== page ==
This weekend, I sheparded my ten-year-old son through part of a school project. As the 3-d portion of the display, he wanted to make a Japanese dragon.
First, we had to talk about the materials. He didn’t like the idea of paper maché or plaster of paris. He wanted real clay, and not play clay either but the real deal.
I’m very thankful that there was a Michaels Arts and Crafts store nearby. It was raining and cold, and the store was crowded. We ran into two other 5th-graders, so he’s not the only one running up against the deadline! We got the red backboard display, and some shiney lettering, red felt, gray clay – with tools, red spray paint, gold leaf flakes, ruby-red glitterglue, “jewel” stickers, all kinds of supplies. We also picked up a balsa-wood model of the dragon, to be a base over which he could model the clay. I was thinking that the thicker the clay layers were, the longer it would take to dry. Unfortunately, the “puzzle” aspect was indiscipherable, and eventually both of us gave up on it.
So – freeform it is!
The first attempt was too small, and was gettisoned.
The second attempt was great, but as the clay started to shrink, parts of it – including the whole spinal fin – snapped off.
Art is sometimes a matter of figuring out things as you go along.
Ben patched the dragon, and used the opportunity to add some twirly twigs and pipe-cleaner claws.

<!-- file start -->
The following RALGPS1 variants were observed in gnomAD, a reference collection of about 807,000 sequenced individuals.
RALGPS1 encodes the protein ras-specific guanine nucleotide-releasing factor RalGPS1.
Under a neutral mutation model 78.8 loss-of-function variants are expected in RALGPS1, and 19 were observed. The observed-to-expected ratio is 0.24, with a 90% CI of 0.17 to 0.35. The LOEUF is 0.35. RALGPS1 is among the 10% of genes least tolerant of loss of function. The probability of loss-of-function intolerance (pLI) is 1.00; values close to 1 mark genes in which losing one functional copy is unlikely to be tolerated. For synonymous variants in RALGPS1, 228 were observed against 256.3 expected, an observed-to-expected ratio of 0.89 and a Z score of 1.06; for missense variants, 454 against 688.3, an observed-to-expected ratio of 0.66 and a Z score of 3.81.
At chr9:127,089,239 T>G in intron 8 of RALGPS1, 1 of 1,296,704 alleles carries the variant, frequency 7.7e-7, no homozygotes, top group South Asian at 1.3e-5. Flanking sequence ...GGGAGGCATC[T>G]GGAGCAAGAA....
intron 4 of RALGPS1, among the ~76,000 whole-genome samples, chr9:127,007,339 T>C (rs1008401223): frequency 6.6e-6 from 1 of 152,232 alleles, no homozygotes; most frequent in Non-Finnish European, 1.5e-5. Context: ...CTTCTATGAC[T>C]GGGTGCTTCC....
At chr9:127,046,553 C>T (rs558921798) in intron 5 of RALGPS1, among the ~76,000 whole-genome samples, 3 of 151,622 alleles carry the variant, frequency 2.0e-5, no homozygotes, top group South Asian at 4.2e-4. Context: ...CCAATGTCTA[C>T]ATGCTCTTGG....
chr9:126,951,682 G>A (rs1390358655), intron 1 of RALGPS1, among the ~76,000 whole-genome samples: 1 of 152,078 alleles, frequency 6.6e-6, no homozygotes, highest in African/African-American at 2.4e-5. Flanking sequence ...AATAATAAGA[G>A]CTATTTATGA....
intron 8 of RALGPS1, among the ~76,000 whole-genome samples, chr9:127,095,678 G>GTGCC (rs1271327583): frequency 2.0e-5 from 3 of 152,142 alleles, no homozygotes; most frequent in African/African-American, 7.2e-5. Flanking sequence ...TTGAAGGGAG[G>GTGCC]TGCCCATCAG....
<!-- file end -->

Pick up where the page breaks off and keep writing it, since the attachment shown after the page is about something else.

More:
We waited as long as we could for stage two to dry, then we went outside. It was very cold, and windy. Spraying the clay with red paint was very easy. While it was wet, Ben wanted to try to get the gold leaf flakes into it. Most of the flakes blew away (although I still have a fair bit in my hair – tenacious stuff!). I thought it looked good just painted red, but he really wanted there to be gold in it. We watered down some Elmer’s glue and smoothed the flakes as much as we could with a toothbrush.
By now, the base was covered with drying glue, and the flakes were more like chunks. Ben wanted to give up – it didn’t look the way he had pictured it!
Continue! Onwards and upwards!
He slopped on more glue over the paint and flakes, and it started to look better. We took a break.
I suggested lots of ideas. “Would you like to use the ruby glitter-glue along the spine?” No.
“Would you like to use a Sharpie to draw scales or texture?” No.
“Would you like to cut out other materials – feathers, paper, anything – to add something to the head and tail?” No.
Finally, he said that the dragon should be set off from the base. We had some vinyl, and some scrapbooking paper, and even aluminum foil. None of these seemed to look right to him.
“I think it needs pebbles because it’s a symbol for a sea god,” he decided.
We went outside. There are a whole bunch of little pebbles. Then he asked me for some of *my* pebbles – tumbled aventurine and other things that I like to collect. Sigh. Ok. I showed him how to spray adhesive to the base, and Ben spent an hour picking his favorite bits of rock from outside and from my collection.
He’s getting good with the painting! This was the easiest part – spray the whole thing with clear shellac. That helped the pebbles stay put and added a nice gloss to the whole thing. Now the gold flakes won’t be falling off like leprosy either. Good!
The last touch? “Jewel” stickers along the edge of the spiny scales. A little bit of sparkle.
All done. He loves it. Yay.
Backboard, first steps… and done for the day. No writing on the novel today… but… it was fun working on some art with my boy. He’s a great artist.
Now, does anyone know how to get gold leaf flakes out of your hair? A shower didn’t do it (grin).